I’m no stranger to insomnia. When I was a teenager, our family nurse practitioner prescribed me a strong dose of diphenhydramine to help me fall asleep better. I didn’t like taking it, though, as I would wake up feeling very drowsy. Not the best thing for a teenager who already had a hard enough time getting out of bed.
Thankfully, I’ve been able to find natural ways to help myself fall asleep so that I wouldn’t need to depend on medications that made me feel drowsy.
The most important component in learning how to fall asleep naturally is to create a bedtime routine. Our bodies thrive on routine. Hormone production depends on it. And it is much easier to fall asleep at night when your body knows that it’s time for that transition once you start going through the motions of a sleep routine
What does that look like? It’s different for everyone, but can start with you telling yourself it’s time to wind down and prepare for sleep. It can include the following remedies and practices:
Certain herbs have very relaxing properties to help you get to sleep. You can try making a tea out of just one herb, combine a few into your own tea, or buy a special herbal tea for sleeping. Either way, here are a few herbs that can help you get to sleep easier:
- Chamomile – This herb is a well-known, relaxing herb.
- Catnip – Not just for cats, catnip is an anti-spasmodic and sleep aid.
- Lemon Balm – Lemon balm soothes both the digestive and central nervous systems, helping you relax.
- Valerian – This herb acts more like a (mild) tranquilizer. It can be used as a tea if you really have problems getting to sleep. Many natural herbal sleep teas on the market contain small amounts of valerian root.
- Hops – Ever get sleepy when drinking beer? Hops flowers are very relaxing and used to promote sleep.
Lavender Essential Oil
Lavender essential oil is well-known for its calming effect. We use it often in our house for calming crazy kids and to help everyone relax before bed. Lavender essential oil is an oil that can be used neat (meaning it doesn’t need to be diluted) and is a safe remedy to use on children.
Try applying a drop to your temples, adding a drop to your pillow or applying a drop to the bottom of your feet for fast circulation throughout your whole body. You can also diffuse it in your room/house using an essential oil diffuser.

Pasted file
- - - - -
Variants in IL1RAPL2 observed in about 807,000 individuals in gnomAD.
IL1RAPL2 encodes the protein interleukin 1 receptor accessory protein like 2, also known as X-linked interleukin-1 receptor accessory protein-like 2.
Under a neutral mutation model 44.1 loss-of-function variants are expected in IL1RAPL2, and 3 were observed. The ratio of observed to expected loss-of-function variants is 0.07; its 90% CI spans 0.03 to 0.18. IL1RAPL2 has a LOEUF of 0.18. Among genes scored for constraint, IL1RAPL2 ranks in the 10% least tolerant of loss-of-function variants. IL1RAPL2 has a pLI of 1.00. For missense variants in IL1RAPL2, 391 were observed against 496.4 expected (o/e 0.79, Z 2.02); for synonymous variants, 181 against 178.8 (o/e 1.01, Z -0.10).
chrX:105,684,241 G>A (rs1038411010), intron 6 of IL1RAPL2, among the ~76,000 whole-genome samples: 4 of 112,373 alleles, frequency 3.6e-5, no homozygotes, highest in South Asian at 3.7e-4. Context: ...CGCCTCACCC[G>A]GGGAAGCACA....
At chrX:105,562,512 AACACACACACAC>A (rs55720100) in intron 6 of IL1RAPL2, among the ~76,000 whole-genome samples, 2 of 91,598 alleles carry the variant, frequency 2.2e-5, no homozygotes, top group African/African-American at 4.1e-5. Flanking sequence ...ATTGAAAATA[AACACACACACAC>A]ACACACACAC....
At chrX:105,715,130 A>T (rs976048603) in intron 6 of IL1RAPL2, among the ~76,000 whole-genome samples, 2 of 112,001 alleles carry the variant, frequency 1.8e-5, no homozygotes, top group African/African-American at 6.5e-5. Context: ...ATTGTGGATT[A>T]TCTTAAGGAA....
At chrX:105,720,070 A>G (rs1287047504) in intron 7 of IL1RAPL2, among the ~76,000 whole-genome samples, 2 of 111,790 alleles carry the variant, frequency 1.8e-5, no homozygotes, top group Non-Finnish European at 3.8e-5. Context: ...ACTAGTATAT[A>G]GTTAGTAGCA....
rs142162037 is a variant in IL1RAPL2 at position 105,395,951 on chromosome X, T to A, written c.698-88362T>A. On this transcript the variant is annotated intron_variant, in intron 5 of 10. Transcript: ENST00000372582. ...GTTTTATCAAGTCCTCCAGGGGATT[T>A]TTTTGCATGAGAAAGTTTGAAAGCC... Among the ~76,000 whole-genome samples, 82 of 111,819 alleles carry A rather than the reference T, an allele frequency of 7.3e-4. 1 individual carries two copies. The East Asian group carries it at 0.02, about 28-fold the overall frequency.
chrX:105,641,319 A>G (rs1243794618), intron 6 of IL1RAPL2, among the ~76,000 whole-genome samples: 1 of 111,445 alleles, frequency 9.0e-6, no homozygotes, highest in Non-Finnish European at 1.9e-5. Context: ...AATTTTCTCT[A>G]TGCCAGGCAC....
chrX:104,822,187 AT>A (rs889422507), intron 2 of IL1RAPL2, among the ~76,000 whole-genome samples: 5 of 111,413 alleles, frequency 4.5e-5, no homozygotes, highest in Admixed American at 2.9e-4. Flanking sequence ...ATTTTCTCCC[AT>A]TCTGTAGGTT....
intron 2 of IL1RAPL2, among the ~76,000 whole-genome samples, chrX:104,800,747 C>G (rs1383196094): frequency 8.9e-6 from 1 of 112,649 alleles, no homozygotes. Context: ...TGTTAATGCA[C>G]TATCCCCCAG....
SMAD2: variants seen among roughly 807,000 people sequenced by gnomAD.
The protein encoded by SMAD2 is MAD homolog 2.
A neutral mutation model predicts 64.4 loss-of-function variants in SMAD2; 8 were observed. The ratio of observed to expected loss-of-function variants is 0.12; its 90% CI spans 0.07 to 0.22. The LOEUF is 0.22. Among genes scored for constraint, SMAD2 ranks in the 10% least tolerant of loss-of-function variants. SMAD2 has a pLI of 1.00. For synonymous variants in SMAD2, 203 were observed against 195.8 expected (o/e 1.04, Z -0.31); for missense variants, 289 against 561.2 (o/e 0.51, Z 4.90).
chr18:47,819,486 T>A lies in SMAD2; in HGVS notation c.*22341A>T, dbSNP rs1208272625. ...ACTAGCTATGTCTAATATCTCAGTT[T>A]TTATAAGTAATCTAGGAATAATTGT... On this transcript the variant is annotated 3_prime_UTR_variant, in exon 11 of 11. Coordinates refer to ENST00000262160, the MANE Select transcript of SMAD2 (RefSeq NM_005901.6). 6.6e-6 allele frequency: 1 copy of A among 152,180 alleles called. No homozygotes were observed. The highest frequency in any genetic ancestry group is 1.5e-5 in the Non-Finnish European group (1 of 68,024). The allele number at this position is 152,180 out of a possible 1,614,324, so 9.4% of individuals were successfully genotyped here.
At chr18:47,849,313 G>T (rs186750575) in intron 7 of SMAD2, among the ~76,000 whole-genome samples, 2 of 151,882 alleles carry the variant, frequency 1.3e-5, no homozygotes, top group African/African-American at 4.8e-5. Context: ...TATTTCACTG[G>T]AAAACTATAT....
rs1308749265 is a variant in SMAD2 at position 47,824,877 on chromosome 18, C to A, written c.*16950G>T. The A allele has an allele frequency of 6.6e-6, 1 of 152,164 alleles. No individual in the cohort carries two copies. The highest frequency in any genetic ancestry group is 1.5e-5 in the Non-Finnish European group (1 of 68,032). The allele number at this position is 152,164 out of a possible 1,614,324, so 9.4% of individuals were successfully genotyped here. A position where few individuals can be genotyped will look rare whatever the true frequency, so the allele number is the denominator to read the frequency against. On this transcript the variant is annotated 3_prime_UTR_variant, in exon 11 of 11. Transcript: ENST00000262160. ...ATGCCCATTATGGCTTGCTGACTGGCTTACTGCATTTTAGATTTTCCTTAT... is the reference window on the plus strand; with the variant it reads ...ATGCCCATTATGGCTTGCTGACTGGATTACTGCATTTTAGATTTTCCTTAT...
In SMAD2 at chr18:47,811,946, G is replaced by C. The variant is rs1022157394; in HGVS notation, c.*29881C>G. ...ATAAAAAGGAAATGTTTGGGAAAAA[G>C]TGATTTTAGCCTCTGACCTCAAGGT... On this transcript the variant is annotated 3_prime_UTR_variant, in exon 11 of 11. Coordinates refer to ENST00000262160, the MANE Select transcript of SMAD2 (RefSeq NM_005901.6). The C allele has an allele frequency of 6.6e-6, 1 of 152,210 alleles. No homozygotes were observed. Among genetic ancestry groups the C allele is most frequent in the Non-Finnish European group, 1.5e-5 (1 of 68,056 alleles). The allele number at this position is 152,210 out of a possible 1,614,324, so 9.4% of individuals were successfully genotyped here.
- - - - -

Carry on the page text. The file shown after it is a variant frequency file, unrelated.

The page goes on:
Some of us look for any excuse to take a bath. And for good reason. Warm water is very soothing and soaking in water can help you relax if you’re too tense to sleep. It’s also a great way to calm your mind. Sometimes, the reason I can’t sleep is because I can’t “turn off my brain.” Taking a bath and intentionally clearing my mind helps with that. I also add epsom salts and lavender essential oil.
Many of us are deficient in magnesium, which can cause things like muscle cramps and insomnia. While you could take a supplement, applying it topically is a great way to increase your intake. This way helps you absorb it easier and prevent the diarrhea side-effect of ingesting too much magnesium. You can do so simply by adding epsom salts to your bath (follow the directions on the package – typically 2 cups) or by making your own magnesium lotion. (Don’t want to make your own? Find magnesium lotion here.)
One of the main reasons I sometimes have trouble falling asleep is because of muscle pain. Thankfully, I’ve found that by doing a short bedtime yoga routine, I can stretch all of my tight/sore muscles, enabling them to relax enough for me to fall asleep easily.
This is also a great time to clear your thoughts, meditate and pray so you can easily transition into sleep.
Turn Off Screens
While not your typical natural remedy, I had to include this method. It is one of the easiest (and hardest) ways to get more sleep. It’s tempting to stay up too late looking at screens. I know – I can get a lot of work done while the kids are asleep. (Sometimes Facebook counts as work …). However, staring at a screen at night is like resetting your brain, waking you up when you should be winding down to go to sleep. A simple solution? Make a “no screen” rule an hour before bed. In our house, I aim to shut off the computer and put away my cell phone by 9 pm.
Have you tried any of these remedies? What works best for you?